A realistic historical short story based on the historic and devastating 1906 San Francisco Earthquake by Agneya Dutta Pooleery, a fourth grade student in Buffalo, USA.
It was 5:13 AM in the morning. Thomas was sleeping peacefully when he was suddenly awakened by a violent shaking. He sat up. It was early in the morning, and something was shaking? Thomas looked at his clock. For some reason, none of its arms were moving. Thomas decided to investigate. He threw on a jacket, wore his shoes, and headed out the door. The shaking continued, but when Thomas stepped outside, he was terrified by what he saw. Buildings were toppling, people were screaming, and the church spire opposite his house, looked as if it was going to crash down on the grocery mart any minute.
Buildings were rocking back and forth. Chimneys were shaken down. A huge hole was in the center of main street. “What’s going on? ”, Thomas asked a nearby police officer. “San Francisco is in an earthquake!” replied the officer. Thomas was scared. There were cracks in the road and no window on the block had its glass intact. He searched the streets for people, but all he saw was masonry littering the streets and people on stretchers, being taken to the hospital, injured by the debris.
He could see fires burning in the city. He ran back to his house, but when he reached there, many bricks in the walls were missing, the windows were broken, and there was rubble everywhere. Thomas went up to his bedroom, but his lamp was in shards and his clock was STILL not working.
He rushed outside again and met his neighbor.
“What is going on?” asked the neighbor.
“Looks like San Francisco is in an earthquake.”
“My cousin was supposed to visit me today, but how am I supposed to let him know that it’s not safe to come? ” asked the neighbor.
“I hear that the army is coming in to clear things up,” said Thomas.
“At least they are coming,” said the neighbor in exasperation.
“How is this mess going to be handled? ”
He and his neighbor began walking towards a nearby park. They could hear explosions from firefighters dynamiting big buildings, trying to demolish them. The water and gas mains had ruptured, so there was no water to put out the fires which spread quickly throughout the city. The artillery division was called in to help with containment of fires.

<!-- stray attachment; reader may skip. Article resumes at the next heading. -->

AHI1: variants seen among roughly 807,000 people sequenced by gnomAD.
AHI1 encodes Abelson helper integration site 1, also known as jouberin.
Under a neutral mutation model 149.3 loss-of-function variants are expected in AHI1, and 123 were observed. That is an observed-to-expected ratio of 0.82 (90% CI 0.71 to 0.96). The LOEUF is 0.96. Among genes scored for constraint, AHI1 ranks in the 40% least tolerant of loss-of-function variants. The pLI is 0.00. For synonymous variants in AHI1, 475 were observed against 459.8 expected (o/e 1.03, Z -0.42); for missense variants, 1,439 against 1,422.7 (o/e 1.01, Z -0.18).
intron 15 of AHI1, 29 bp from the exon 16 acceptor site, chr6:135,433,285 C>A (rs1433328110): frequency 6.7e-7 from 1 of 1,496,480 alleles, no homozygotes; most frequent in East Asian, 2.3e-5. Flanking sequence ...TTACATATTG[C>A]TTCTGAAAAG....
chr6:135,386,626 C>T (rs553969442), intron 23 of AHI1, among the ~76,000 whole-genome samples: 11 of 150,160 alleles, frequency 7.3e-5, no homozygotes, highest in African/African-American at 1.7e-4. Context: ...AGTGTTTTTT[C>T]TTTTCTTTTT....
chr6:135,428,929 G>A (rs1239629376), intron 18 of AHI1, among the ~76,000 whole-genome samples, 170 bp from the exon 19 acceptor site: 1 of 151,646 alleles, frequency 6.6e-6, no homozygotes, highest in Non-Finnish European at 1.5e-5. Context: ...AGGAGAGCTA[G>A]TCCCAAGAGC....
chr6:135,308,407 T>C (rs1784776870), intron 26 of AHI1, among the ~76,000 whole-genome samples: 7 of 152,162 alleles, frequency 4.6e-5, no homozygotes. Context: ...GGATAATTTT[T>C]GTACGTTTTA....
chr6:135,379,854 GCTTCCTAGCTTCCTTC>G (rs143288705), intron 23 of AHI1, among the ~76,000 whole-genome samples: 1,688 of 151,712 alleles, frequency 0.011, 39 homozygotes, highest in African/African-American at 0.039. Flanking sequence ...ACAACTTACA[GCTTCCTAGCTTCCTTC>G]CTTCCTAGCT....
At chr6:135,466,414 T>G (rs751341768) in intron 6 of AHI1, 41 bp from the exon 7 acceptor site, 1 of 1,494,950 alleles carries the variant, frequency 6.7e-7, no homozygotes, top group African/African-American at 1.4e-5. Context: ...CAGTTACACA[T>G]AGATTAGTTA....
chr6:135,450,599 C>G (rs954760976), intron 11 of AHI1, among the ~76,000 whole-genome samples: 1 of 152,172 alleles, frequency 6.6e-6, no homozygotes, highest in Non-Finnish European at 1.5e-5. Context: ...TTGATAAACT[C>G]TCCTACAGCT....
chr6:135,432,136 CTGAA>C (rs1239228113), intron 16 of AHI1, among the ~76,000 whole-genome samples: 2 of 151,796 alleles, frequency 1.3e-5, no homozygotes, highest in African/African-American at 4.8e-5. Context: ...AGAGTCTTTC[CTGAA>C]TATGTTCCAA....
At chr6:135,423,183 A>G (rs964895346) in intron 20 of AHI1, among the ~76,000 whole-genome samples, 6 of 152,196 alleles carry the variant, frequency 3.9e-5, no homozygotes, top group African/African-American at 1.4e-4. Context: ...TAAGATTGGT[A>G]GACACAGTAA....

Thomas saw the military bringing in boxes of food for people in the neighborhood.
He also saw people being put onto stretchers and being taken away in the ambulances. The American Red Cross had come to help the wounded.
He saw many pipes running up houses broken, and water gushing out of them like a fountain. This water was not black in color and certainly not drinkable.
Thomas and his neighbor spotted a line in a park. People were jostling, frantically calling for food and water, and talking amongst themselves while they were lined up. Approaching the site, they realized it was a bread-line — to receive bread and food (relief) from the army. They got in line, way behind others, without any hope of procuring any bread from the relief operations. Since there was no alternative, they decided to wait and see what transpired.
A few hours passed in the line for bread when news spread that the army was putting up tents for people to sleep in the night. Thomas and his neighbor decided it was a wise option to stay in one, since their houses probably would have to be demolished and rebuilt. They made a bee- line for the tents and eventually managed to share one with a few other people.
Curled up in a sleeping bag inside the tent, they ruminated over the days events and hardly managed to close their eyes until exhaustion won over.
Facts about the earthquake: The 1906 earthquake was one of the most significant and destructive natural disasters of all time. It preceded the development of the Richter scale by about three decades, but scientists believe that the magnitude could have been somewhere between 7.7 to 8.3. Today its significance lies in the wealth of scientific knowledge that was obtained from the earthquake. The earthquake ruptured the San Andreas fault from northwest of San Juan Batista to triple junction at Cape Mendocino for about 296 miles. This earthquake caused Reid (1910) to propose the elastic rebound theory of earthquakes which is still in use today. It is said that the earthquake caused 700 deaths, but this number is now believed to be grossly underestimated.
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